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FEATURE

Spotlight on 7 of Pittsburgh’s Women-Owned Firms

By Point Line Projects Posted on March 7, 2019

Mary Barensfeld, AIA, founder of Mary Barensfeld Architecture, photographed in her Hilgard Garden project in San Francisco. Photo: Joe Fletcher. For National Women’s Month, AIA Pittsburgh is partnering with Point Line Projects to highlight some of the women architects and designers making an impact in Southwestern PA. In honor of International Women’s Day, we’re showcasing some of our region’s woman-owned firms. Next, we’ll look at the comeback of Women in Design Pittsburgh, revisit Pennsylvania’s first registered woman architect (who was, according to some, “the first woman to actually practice architecture professionally”), and finally, highlight emerging practitioners to watch. Join the conversation on social media with the tag #AIAPghWomensMonth Architecture is one of the few industries where women have the means...

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Feature

Why Color Matters

Two Projects Demonstrate the Importance of Color in Design

By Maya Henry, COLUMNS Editor Posted on November 15, 2018

Color trends may come and go, but the psychology of color is long-standing and universal.  Reds can stir up anger and passion while blues and greens are calming.  Designers who can blend these basic theories with contemporary color trends are more likely to create spaces that resonate with actual users.  People might not know why they feel better in a space, but chances are it has a lot to do with the colors the designer has chosen. Incorporating ideas of biophilia, our inherent connection to the environment, is becoming increasingly popular as new technologies allow for shapes and materials to more closely mimic nature.  Users are demanding natural building materials, ample light, and fresh air that combines to create a...

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Feature

Striking a Balance Between Voice and Vision

Terry Schwarz's Keynote Address at Build Pittsburgh 2018

By Maya Henry Posted on April 19, 2018

Image credit CUDC/MOOS. The theme of Build Pittsburgh 2018 was “design with purpose.”  This year’s Keynote Address was given by Terry Schwarz, FAICP to a crowded ballroom of early risers who gathered to hear about design culture and community engagement from the director of Kent State University’s Cleveland Urban Design Collaborative (CUDC).  Schwarz began her presentation by proposing that community design does not need to be about the community OR design (discuss!) but that placemaking could, in fact, include both facets working together.  Portions of Schwarz’s keynote address are captured here. Schwarz began by showing examples of her early fascination with Bauhaus design and then showed how residents repurposed the spare spaces in Mies van der Rohe’s Layfette Park in Detroit...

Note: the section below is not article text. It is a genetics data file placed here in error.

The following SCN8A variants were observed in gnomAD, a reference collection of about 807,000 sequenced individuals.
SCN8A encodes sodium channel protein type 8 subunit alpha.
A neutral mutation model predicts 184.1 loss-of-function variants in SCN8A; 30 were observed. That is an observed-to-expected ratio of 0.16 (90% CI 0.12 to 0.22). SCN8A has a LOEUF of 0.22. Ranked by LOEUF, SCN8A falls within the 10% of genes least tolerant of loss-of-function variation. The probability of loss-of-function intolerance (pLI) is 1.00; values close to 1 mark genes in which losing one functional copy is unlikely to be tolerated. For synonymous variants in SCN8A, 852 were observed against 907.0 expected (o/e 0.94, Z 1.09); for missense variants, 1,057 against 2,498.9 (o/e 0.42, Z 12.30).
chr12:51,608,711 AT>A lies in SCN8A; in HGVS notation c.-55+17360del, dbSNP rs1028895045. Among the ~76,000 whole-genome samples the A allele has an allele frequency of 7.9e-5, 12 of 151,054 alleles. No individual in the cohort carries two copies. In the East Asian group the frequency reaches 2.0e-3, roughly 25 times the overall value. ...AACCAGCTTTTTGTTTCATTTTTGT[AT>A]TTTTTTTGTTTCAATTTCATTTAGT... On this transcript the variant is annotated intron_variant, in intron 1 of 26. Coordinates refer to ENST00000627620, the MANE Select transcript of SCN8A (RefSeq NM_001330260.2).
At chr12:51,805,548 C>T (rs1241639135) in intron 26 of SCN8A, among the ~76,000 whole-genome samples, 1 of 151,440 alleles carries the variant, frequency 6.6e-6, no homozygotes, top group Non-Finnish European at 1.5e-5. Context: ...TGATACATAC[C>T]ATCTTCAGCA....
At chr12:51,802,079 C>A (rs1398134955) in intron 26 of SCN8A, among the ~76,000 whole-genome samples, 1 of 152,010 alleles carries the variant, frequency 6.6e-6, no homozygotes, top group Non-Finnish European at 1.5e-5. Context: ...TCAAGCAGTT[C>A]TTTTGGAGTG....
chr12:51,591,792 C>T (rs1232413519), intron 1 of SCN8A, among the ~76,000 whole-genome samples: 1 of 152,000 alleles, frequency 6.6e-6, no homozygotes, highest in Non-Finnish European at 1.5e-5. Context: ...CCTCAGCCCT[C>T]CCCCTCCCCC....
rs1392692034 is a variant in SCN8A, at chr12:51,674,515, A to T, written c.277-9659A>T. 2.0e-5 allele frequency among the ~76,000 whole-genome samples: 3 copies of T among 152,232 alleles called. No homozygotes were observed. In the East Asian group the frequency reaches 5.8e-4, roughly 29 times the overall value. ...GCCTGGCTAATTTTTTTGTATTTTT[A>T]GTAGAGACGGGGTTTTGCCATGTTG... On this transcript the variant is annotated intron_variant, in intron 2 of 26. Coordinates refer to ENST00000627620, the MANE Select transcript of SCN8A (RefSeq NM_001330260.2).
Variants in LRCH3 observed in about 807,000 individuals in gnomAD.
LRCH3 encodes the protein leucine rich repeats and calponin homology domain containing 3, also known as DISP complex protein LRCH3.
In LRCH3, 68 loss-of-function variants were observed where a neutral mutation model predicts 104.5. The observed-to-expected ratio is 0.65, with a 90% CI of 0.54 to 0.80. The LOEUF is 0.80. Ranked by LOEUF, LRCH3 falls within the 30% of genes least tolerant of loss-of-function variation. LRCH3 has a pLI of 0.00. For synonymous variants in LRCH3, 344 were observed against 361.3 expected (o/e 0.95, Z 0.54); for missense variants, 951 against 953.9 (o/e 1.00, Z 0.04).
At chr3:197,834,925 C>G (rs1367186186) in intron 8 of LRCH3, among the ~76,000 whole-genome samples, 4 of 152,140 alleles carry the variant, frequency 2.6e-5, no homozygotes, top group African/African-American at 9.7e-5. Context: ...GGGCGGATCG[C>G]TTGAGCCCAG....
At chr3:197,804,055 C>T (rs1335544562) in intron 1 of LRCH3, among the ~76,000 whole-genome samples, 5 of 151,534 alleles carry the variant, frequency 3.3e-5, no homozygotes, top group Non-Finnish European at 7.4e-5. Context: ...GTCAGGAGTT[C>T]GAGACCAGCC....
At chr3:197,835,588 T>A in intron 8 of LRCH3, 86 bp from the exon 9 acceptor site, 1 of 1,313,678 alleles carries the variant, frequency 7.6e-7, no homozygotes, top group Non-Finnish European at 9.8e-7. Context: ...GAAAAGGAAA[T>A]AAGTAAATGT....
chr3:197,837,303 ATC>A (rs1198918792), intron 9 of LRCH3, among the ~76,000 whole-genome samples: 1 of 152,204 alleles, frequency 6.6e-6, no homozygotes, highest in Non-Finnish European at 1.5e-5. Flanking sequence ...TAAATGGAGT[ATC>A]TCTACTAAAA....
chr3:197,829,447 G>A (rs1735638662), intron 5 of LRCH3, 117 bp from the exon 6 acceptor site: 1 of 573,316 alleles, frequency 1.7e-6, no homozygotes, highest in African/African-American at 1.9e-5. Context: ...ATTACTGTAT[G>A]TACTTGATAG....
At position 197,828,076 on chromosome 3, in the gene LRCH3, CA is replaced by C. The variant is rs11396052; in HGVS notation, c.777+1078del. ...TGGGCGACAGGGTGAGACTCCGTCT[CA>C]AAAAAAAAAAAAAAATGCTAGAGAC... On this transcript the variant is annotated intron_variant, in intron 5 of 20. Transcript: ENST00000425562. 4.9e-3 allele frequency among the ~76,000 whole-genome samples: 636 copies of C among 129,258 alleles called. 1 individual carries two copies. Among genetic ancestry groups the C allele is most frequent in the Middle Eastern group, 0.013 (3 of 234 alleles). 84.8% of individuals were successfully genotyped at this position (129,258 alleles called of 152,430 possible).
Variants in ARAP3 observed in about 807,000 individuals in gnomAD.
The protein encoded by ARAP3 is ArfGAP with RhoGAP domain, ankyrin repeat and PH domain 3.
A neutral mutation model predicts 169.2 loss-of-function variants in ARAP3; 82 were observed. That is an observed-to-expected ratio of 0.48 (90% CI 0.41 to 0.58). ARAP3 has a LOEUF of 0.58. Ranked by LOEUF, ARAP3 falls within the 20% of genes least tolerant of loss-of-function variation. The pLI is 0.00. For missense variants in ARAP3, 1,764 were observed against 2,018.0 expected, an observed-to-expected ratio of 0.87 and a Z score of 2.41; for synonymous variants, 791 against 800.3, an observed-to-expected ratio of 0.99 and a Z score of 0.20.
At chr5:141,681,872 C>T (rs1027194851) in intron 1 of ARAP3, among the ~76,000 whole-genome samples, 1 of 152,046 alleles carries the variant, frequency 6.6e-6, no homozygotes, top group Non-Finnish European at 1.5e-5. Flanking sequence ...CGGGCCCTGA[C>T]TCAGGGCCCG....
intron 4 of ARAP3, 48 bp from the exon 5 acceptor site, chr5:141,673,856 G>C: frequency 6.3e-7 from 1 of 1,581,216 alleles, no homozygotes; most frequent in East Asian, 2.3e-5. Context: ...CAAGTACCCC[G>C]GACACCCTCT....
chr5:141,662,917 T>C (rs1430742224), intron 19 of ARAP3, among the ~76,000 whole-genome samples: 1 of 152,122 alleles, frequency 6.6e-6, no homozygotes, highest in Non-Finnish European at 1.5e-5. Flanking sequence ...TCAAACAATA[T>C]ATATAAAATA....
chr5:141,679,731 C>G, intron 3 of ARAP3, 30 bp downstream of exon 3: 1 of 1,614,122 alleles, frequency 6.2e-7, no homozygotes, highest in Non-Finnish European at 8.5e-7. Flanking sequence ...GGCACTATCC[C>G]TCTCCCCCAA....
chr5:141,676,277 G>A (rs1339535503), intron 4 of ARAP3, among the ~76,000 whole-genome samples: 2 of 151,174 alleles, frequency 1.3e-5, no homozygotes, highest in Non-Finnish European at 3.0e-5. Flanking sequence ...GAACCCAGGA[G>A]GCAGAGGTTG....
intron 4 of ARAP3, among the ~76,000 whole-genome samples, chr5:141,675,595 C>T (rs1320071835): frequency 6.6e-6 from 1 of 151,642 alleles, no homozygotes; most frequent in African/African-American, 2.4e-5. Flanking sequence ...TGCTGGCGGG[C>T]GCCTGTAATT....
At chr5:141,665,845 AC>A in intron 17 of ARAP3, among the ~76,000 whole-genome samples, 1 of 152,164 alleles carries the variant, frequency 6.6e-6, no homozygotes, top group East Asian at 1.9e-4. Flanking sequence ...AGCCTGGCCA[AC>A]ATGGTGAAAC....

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Feature

My Day at McMurray Elementary School

Presenting to Elementary Students on the Practice of Architecture

By Jennifer Beck, AIA Posted on April 12, 2018

New Peters Township High School Rendering, Hayes Design Group Architects Jennifer Beck, AIA, Project Architect at Hayes Design Group Architects, recently attended Career Day at Peters Township School District’s McMurray Elementary School. She, along with a number of other special guests, presented to fourth, fifth, and sixth-grade students about different careers to consider. Jennifer shared information about the field of architecture and all that goes into designing buildings. She also showed the students some examples of HDG’s recent projects, including the design of the new Peters Township High School (which recently went out to bid). After Career Day, Jennifer received a number of very creative and thoughtful thank you notes from the students! Peters Township’s McMurray Elementary School holds a...

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Viewpoint

Creativity in the Architectural Design Process

How We Make Sense of the Many Tools That Are Available in Today's Profession

By Ilana Gutierrez, Assoc. AIA and Collaborators Posted on March 13, 2017

Technology has fundamentally changed the way we work and think within the architectural world. I have spoken with many architects at different levels in their career to understand how technology, hand drawing, and other conventions play a role in the design process and the effective communication of architectural ideas. Through these conversations with principals, directors, and collaborators at Rothschild Doyno Collaborative, I have learned that there should be a constant dialogue between all creative conventions of design such as hand drawing, physical modeling or computer programs to enhance the architectural design process rather than allowing creative tools to shape us. The approach to architectural education teaches us to problem solve using creative tools. Drawing from my experience, the first year...